When a landlord wishes to proceed with evicting a tenant in Michigan for nonpayment of rent or noncompliance they must present the tenant with a written notice to quit. If the tenant does not respond to the notice, the landlord files a Summons and Complaint with the local District Court in the county where the property is located. The court will then schedule a hearing date within ten (10) days and issue a judgment. If the judgment is in favor of the landlord, the tenant then has ten (10) days to move out of the rental unit. If the tenant fails to vacate the premises in that time, the landlord can file for a Writ of Eviction from the court. This gives the local Sheriff authority to physically remove the tenant and their belongings from the premises.
How to Evict
- Step 1 – Send Eviction Notice to Tenant
- Step 2 – Wait to Hear from the Tenant
- Step 3 – File in Court
- Step 4 – Set a Hearing Date
- Step 5 – Appear in Court
- Step 6 – File Warrant of Restitution
- Step 7 – Repossessing the Property
Before beginning any formal eviction proceedings, the landlord has to first provide written notice to the tenant of their intent to evict. A landlord can evict a tenant on the grounds of failure to pay rent, breach of lease agreement, or engagement in illegal activity. They can deliver a copy of the notice to the tenant in person, post a copy of it on the main entrance of the rental unit, or leave a copy with a family member of the tenant.
- Illegal Drug-Related (24-Hour Notice): The landlord can terminate the lease agreement with one (1) day notice if the tenant is conducting illegal drug-related activities on the property.5
- Material Health/Safety Violation (7-Day Notice): If the tenant violates a building code or creates an unsafe environment for themselves or other tenants, the landlord may serve this notice. They may give the tenant the option to cure but it is not required.6
- Non-Payment (7-Day Notice): If the tenant does not pay rent by the due date established in the lease agreement, the landlord can serve a one (1) week notice to quit.4
- Non-Compliance (7-Day Notice): The landlord can also serve a one (1) week notice if the tenant violates a provision of the lease agreement.4,6
- Month to Month (30-Day Notice): This is used to terminate a month-to-month- tenancy.
The landlord waits the number of days on the notice to give the tenant an opportunity to respond, cure the breach or pay overdue rent. It is preferable to come to a compromise outside of court if possible
- Average Processing Time: Two (2) weeks to two (2) months
- Filing Fee: $45.001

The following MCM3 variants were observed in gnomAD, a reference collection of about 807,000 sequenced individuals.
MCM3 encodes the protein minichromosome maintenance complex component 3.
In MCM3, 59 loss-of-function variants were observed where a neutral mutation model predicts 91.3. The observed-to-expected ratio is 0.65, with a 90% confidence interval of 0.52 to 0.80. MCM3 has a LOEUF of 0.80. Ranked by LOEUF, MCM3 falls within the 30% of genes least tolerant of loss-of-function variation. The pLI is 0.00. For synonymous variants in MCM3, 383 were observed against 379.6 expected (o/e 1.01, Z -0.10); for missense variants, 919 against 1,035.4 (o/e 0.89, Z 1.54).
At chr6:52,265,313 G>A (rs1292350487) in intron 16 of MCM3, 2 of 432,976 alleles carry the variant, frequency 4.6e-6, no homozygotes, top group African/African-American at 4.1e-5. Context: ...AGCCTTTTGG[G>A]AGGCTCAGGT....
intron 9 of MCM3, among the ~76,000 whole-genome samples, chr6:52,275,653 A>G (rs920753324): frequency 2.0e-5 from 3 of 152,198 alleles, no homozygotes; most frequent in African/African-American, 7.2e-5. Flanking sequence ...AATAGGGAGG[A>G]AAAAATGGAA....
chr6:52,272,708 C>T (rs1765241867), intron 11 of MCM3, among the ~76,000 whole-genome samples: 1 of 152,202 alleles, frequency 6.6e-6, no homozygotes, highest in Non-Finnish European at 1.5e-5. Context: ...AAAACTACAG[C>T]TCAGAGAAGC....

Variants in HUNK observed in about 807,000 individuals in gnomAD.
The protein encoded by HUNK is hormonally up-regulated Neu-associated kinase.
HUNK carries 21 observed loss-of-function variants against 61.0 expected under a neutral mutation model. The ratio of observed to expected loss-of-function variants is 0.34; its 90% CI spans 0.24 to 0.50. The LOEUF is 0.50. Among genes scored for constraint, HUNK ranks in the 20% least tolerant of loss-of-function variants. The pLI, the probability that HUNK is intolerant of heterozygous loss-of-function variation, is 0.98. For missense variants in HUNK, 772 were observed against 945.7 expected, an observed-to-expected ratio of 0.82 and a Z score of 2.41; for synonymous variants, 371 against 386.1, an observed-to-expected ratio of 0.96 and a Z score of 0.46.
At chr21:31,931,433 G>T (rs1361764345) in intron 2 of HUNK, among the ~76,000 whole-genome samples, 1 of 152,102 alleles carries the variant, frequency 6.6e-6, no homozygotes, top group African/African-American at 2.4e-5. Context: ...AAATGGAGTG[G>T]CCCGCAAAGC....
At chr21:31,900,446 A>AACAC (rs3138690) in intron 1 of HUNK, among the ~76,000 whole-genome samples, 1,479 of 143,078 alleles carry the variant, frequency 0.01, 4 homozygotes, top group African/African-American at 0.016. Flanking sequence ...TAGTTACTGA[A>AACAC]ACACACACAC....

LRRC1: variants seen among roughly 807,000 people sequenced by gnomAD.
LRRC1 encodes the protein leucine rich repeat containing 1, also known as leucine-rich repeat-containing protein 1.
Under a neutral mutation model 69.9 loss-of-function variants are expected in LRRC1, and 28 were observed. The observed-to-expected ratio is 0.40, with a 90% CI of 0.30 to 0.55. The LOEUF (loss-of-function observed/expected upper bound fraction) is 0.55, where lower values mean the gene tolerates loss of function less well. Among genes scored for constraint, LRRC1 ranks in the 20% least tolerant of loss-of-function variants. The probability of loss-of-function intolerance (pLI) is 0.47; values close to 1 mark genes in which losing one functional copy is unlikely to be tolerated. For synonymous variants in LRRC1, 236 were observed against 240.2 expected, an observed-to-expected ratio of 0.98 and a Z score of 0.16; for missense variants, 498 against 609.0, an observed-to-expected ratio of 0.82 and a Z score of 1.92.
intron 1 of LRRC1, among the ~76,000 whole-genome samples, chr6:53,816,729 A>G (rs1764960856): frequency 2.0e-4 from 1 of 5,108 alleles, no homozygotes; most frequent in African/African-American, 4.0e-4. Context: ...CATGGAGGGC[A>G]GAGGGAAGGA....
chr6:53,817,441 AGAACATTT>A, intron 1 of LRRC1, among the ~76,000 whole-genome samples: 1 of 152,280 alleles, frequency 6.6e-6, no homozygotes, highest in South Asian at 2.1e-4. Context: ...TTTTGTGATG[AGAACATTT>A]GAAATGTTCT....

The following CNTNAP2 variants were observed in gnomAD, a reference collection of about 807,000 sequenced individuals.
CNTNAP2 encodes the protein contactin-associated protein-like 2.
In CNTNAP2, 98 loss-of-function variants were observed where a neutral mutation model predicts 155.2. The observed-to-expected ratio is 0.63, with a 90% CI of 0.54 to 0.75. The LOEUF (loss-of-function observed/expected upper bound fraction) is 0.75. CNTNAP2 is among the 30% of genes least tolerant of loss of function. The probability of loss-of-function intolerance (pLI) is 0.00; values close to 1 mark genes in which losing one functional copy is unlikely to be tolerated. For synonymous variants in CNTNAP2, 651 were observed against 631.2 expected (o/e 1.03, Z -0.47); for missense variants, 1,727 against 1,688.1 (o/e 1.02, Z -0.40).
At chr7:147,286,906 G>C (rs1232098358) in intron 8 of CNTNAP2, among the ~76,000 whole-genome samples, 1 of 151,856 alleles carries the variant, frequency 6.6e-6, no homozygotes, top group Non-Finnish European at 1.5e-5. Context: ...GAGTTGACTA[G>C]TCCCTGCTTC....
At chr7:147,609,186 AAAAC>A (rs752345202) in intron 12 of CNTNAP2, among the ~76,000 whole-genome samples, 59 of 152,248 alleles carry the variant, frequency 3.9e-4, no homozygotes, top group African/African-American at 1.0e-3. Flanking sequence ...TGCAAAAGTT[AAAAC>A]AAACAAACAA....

- Where to File: District Court local to the property address
If the tenant does not answer the notice, the landlord can file for a formal eviction with the District Court local to the rental property in question. They must file a Complaint (DC 102c), pay a filing fee, and provide a copy of the original notice to quit that was sent to the tenant.
- Summons (DC 104) – When a complaint has been filed against a tenant, that tenant must be served this summons. The Summons is served on the tenant after the Complaint has been filed. It informs the tenant of the date of the court hearing for the case.
After filing, the court will issue a Summons (DC 104) and serve it on the tenant. This informs the tenant of the date of the court hearing for the case.
The tenant must file an Answer for Non-Payment of Rent (DC 111a), an Answer for Health/Hazard to Property (DC 111b), or an Answer to Complaint to Recover Possession of Property (DC 111c) if they want to appear at the hearing to contest the charges against them.
If the tenant doesn’t show up in court the judge will automatically rule in favor of the landlord. The Tenant will then have ten (10) days from the judgment to vacate the property.
- A landlord cannot evict in retaliation if the tenant: seeks to enforce rights established in the lease agreement; reports the landlord to government authorities for violating health/safety codes; or joins a legal tenant organization.7
- A landlord cannot evict without cause if the rental property is operated by a city/village/township/local government.7
- A landlord cannot increase a tenant’s obligations under the lease agreement and then file for eviction based on their inability to comply with the new obligations.2
If a tenant does not move out within the ten (10) day limit established by the judgment against them, the landlord can apply for an Order of Eviction to have the tenant physically removed from the property.
The landlord can use the Writ of Possession to utilize the Sheriff’s office to forcibly remove the tenant and their possessions from the property.